Law Offices of Buddy D. Ford, P.A.

For Business Bankruptcy law certificate holders, “Board Certified – Business Bankruptcy Law – American Board of Certification” and for Creditors’ Rights law certificate holders, “Board Certified – Creditors’ Rights Law – American Board of Certification.”

Get assistance from an attorney today.
Local: 813-302-1258
Toll free: 866-596-9247

Representation With Dignity Since 1987

  1. Home
  2.  » 
  3. Firm News
  4.  » Can you discharge your tax debt during bankruptcy?

Can you discharge your tax debt during bankruptcy?

On Behalf of | Mar 8, 2019 | Firm News

Most people dread tax season. It’s the time of year where most adults have to collect every financial detail from the past year and see what they owe to the government. Some people are lucky enough to receive refunds, but it’s not always the case.

Many times, the Internal Revenue Service (IRS) will ask you to pay your taxes upfront. However, if you are currently dealing with a costly divorce, student loans or expensive medical bills, it’s not a reasonable request to pay all your taxes immediately.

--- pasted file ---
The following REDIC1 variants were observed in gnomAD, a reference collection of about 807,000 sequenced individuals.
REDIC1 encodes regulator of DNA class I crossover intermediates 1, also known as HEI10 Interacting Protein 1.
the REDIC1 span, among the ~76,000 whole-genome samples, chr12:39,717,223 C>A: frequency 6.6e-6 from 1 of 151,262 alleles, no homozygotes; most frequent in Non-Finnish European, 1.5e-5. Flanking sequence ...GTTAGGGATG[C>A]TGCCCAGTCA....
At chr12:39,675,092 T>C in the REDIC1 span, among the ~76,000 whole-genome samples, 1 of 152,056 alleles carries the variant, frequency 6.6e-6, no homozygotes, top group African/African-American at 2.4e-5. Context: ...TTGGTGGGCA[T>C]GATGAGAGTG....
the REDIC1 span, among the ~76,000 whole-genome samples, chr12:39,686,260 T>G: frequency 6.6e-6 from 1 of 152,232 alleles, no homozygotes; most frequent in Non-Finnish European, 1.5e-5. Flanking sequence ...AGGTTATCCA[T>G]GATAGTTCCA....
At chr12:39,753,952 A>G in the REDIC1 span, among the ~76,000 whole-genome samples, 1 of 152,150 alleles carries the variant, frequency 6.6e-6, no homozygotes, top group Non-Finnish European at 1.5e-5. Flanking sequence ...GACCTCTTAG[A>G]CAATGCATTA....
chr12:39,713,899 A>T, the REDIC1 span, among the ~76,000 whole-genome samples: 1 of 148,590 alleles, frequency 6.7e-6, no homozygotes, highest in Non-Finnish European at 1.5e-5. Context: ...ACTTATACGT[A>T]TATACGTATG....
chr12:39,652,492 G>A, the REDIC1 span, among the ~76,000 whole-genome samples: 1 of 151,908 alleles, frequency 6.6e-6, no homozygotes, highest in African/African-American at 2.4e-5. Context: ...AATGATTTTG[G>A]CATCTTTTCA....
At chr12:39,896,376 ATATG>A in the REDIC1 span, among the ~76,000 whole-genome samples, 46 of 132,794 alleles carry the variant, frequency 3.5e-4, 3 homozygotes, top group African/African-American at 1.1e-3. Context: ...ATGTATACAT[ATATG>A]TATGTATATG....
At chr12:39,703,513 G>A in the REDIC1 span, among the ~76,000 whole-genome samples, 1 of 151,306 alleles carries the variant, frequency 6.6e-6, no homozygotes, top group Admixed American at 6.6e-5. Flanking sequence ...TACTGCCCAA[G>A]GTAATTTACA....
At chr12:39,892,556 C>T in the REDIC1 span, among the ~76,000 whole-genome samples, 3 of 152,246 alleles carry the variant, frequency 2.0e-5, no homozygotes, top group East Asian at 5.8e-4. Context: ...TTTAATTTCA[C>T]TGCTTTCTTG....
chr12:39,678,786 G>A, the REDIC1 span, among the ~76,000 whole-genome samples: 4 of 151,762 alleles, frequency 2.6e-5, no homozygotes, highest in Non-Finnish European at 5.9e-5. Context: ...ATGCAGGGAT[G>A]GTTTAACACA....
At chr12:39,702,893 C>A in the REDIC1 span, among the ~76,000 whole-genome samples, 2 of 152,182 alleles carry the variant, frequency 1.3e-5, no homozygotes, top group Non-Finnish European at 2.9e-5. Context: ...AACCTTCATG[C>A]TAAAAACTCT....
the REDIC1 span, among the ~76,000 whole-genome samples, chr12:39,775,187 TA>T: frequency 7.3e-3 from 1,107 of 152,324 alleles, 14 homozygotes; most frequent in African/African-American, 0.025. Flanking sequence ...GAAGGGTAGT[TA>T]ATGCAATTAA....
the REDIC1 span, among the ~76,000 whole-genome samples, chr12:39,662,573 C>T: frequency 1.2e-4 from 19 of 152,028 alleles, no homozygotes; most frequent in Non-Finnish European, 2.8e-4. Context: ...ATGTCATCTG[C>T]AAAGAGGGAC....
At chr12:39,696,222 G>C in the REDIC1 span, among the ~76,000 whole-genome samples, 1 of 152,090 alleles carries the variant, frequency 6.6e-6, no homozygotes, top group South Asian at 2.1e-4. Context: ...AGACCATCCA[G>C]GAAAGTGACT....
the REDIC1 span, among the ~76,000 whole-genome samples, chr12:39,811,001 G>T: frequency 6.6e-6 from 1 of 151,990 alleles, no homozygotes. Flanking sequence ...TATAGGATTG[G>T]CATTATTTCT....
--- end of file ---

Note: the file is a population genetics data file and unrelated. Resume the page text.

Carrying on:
Discharging debt – especially taxes

Luckily, some tax debts are eligible for “discharge” during bankruptcy; it releases you from personal liability for specific debts. Generally, tax debts that are less than three years old are dischargeable during bankruptcy. It also takes away any additional penalties or interest associated with the tax debt.

However, it’s crucial to note how this changes if you receive a tax refund. If you are a Chapter 13 bankruptcy recipient, your return may be divided up by the IRS to relieve some tax debt and give you some of your initial funds.

There’s also a possibility of the refund getting delayed, so participants should contact the IRS will any questions about the status of their specific tax return.

Even though there is a possibility for a reduced refund, most bankruptcy participants will receive a refund if they are eligible on their tax returns. It goes on a case-by-case basis, so consult with the IRS or a trusted accountant before filing any returns this tax season.